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Advanced Manufacturing the American South

Sept. 9, 2013
“We can compete better if the region comes together on advanced manufacturing and presents a united front," Kentucky Governor Steve Beshear said.

A Manufacturers Alliance for Productivity and Innovation study commissioned by the Southern Governors’ Association, claims that a cluster strategy for regional development is “perfectly tailored” for the south.  

The study, Advanced Manufacturing in the American South: An Economic Analysis Supporting Regional Development, suggests a regional approach would be beneficial “given the complex­ity of advanced manufacturing supply chains, the need for public investment in basic science to support innovation, and the need for close alliances between research and industry.”

“For years the states in the American South have competed with each other, but we have moved into a new era where we not only compete with each other and other states in our United States, we’re competing with the world,” Kentucky Governor Steve Beshear said.

“We can compete better if the region comes together on advanced manufacturing and presents a united front.

The study, which analyzed seven states to reflect the 16 states and two territories represented by the SGA, found:

  • A cluster strategy of economic development is the appropriate framework for promoting the evolution of a strong advanced manufacturing sector in the American South and creating the beneficial spillover impacts for the broad regional economy.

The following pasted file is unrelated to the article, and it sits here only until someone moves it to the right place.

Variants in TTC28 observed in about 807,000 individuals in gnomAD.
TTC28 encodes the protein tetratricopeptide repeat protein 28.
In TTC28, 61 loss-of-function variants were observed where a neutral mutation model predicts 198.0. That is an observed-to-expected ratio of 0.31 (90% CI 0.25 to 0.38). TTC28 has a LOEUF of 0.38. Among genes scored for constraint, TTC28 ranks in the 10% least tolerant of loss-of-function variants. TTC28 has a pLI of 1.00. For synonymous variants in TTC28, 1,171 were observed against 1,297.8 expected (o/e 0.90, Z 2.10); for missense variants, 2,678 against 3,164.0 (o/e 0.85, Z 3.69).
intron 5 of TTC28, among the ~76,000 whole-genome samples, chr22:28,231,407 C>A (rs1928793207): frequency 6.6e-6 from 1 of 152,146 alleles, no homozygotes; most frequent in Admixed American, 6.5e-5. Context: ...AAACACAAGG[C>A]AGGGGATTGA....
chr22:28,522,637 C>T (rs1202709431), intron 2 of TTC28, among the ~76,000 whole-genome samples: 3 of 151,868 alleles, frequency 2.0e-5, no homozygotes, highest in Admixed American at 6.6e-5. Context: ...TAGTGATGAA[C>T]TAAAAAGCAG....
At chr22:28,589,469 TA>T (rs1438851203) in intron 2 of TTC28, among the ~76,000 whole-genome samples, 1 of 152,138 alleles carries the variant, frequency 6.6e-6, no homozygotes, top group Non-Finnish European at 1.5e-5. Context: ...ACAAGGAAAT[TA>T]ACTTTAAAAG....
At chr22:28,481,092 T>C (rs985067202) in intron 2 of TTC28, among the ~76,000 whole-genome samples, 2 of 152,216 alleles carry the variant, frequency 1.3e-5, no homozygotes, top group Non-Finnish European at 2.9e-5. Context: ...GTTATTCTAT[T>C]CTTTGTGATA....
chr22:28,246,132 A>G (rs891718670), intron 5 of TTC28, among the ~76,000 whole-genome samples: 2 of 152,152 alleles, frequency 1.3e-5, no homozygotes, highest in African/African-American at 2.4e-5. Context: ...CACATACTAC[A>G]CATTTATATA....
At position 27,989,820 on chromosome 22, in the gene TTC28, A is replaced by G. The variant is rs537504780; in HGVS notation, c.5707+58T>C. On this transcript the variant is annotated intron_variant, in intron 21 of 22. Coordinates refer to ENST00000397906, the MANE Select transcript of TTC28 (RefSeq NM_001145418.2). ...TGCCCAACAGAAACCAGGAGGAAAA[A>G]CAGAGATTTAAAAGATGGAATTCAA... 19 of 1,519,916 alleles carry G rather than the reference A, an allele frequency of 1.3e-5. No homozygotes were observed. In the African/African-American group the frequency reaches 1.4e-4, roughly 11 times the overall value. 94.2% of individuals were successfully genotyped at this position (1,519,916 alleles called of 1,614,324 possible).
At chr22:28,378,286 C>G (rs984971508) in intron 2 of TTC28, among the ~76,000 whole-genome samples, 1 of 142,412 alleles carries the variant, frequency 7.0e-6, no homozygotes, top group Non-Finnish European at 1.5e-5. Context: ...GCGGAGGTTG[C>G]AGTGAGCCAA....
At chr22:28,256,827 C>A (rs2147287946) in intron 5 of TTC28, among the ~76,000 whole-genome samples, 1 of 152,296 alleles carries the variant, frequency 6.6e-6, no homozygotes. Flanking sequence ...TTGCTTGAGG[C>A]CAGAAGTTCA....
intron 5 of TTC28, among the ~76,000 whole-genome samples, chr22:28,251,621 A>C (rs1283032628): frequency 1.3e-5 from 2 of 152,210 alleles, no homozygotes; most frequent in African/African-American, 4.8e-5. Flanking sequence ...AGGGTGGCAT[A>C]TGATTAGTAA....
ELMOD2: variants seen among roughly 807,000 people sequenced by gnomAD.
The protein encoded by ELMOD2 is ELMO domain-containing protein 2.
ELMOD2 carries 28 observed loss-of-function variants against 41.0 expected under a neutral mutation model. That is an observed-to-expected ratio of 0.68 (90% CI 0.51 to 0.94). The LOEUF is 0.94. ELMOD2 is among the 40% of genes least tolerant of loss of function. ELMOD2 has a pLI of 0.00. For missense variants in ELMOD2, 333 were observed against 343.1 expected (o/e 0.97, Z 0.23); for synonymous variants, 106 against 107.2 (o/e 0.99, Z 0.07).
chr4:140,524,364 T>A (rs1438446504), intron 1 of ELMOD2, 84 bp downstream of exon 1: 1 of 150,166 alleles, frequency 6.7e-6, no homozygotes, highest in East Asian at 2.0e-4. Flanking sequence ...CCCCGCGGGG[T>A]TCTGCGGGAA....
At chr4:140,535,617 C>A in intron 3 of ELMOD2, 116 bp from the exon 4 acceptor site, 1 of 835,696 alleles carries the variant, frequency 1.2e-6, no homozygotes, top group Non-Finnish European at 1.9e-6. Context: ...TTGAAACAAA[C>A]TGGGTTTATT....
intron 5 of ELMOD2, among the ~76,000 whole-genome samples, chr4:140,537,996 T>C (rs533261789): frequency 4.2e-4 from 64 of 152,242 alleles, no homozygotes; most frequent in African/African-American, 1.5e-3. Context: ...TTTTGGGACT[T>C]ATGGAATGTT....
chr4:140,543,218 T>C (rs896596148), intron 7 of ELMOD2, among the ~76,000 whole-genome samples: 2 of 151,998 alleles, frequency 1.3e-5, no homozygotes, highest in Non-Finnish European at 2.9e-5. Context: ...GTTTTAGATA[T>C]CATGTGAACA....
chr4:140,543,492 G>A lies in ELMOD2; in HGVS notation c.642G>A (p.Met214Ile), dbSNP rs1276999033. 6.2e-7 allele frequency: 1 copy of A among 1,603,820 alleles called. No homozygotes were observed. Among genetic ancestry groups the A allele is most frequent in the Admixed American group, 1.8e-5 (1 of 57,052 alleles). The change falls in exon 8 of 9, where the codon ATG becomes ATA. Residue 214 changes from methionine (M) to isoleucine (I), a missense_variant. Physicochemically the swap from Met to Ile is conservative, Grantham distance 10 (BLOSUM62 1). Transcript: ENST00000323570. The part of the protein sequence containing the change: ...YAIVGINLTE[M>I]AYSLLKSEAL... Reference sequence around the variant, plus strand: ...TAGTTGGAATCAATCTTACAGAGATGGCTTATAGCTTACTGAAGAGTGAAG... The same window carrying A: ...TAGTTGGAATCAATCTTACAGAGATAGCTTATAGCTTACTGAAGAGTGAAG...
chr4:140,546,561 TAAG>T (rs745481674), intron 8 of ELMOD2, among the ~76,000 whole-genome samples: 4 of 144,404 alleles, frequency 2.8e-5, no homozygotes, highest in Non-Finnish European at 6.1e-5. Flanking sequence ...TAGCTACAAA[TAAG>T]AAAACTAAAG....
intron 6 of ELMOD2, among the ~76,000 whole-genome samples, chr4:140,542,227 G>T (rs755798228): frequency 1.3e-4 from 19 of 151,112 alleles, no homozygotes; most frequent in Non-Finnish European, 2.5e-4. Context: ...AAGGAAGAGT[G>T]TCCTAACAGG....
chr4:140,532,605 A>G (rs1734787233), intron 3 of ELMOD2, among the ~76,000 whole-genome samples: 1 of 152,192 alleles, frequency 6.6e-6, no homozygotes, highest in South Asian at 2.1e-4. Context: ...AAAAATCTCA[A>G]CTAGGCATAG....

• Innovation deficits and labor force gaps are the biggest challenges but are not insurmountable. Well-placed investments in the development of science and technical education will likely yield measureable returns.
  • The Southern states have been effective in promoting a low-cost strategy of economic, and particularly manufacturing, advancement. This strategy needs to be supplemented by investments that will incentivize value-added in the production process, an element of business competitiveness as important as low costs.
  • A strategic policy approach should be developed that places advanced manufacturing in the broader context of regional economic development needs. Such a strategy should be inclusive and recognize the federal, state, and local governments that impact economic vitality in the American South.
  • While the region affords the potential for the specific cluster development needed for advanced manufacturing evolution, related policy needs to address human capital challenges, infrastructure, technology adoption, and research and development.

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